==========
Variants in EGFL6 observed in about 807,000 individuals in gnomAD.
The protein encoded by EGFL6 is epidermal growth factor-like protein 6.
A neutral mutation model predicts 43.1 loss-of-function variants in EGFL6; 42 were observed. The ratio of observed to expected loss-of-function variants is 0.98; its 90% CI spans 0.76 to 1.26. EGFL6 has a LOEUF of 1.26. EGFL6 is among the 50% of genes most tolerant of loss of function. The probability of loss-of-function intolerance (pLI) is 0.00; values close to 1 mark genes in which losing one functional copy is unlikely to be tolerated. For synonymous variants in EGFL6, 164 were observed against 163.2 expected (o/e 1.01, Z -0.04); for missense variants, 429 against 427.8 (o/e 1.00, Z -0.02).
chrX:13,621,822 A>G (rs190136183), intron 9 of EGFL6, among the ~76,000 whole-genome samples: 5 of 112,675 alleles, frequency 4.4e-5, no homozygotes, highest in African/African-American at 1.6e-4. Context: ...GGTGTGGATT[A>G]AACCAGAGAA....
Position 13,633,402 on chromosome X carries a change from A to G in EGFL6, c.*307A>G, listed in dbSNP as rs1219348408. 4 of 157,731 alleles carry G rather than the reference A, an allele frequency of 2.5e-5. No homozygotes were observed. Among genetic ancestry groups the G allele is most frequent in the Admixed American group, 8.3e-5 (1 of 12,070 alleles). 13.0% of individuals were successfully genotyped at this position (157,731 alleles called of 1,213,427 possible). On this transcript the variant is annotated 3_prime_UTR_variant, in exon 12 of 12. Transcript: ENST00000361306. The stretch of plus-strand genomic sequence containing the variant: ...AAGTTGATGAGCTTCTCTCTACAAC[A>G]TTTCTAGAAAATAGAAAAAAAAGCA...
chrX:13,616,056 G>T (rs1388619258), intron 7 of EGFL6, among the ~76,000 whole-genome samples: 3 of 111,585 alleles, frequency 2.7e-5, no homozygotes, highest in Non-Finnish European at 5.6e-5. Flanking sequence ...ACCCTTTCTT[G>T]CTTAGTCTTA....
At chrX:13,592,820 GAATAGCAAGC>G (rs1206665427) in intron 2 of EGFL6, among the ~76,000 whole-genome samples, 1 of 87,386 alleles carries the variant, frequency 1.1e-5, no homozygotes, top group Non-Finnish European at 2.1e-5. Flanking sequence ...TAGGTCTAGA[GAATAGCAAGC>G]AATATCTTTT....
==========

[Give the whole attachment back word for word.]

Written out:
Variants in EGFL6 observed in about 807,000 individuals in gnomAD.
The protein encoded by EGFL6 is epidermal growth factor-like protein 6.
A neutral mutation model predicts 43.1 loss-of-function variants in EGFL6; 42 were observed. The ratio of observed to expected loss-of-function variants is 0.98; its 90% CI spans 0.76 to 1.26. EGFL6 has a LOEUF of 1.26. EGFL6 is among the 50% of genes most tolerant of loss of function. The probability of loss-of-function intolerance (pLI) is 0.00; values close to 1 mark genes in which losing one functional copy is unlikely to be tolerated. For synonymous variants in EGFL6, 164 were observed against 163.2 expected (o/e 1.01, Z -0.04); for missense variants, 429 against 427.8 (o/e 1.00, Z -0.02).
chrX:13,621,822 A>G (rs190136183), intron 9 of EGFL6, among the ~76,000 whole-genome samples: 5 of 112,675 alleles, frequency 4.4e-5, no homozygotes, highest in African/African-American at 1.6e-4. Context: ...GGTGTGGATT[A>G]AACCAGAGAA....
Position 13,633,402 on chromosome X carries a change from A to G in EGFL6, c.*307A>G, listed in dbSNP as rs1219348408. 4 of 157,731 alleles carry G rather than the reference A, an allele frequency of 2.5e-5. No homozygotes were observed. Among genetic ancestry groups the G allele is most frequent in the Admixed American group, 8.3e-5 (1 of 12,070 alleles). 13.0% of individuals were successfully genotyped at this position (157,731 alleles called of 1,213,427 possible). On this transcript the variant is annotated 3_prime_UTR_variant, in exon 12 of 12. Transcript: ENST00000361306. The stretch of plus-strand genomic sequence containing the variant: ...AAGTTGATGAGCTTCTCTCTACAAC[A>G]TTTCTAGAAAATAGAAAAAAAAGCA...
chrX:13,616,056 G>T (rs1388619258), intron 7 of EGFL6, among the ~76,000 whole-genome samples: 3 of 111,585 alleles, frequency 2.7e-5, no homozygotes, highest in Non-Finnish European at 5.6e-5. Flanking sequence ...ACCCTTTCTT[G>T]CTTAGTCTTA....
At chrX:13,592,820 GAATAGCAAGC>G (rs1206665427) in intron 2 of EGFL6, among the ~76,000 whole-genome samples, 1 of 87,386 alleles carries the variant, frequency 1.1e-5, no homozygotes, top group Non-Finnish European at 2.1e-5. Flanking sequence ...TAGGTCTAGA[GAATAGCAAGC>G]AATATCTTTT....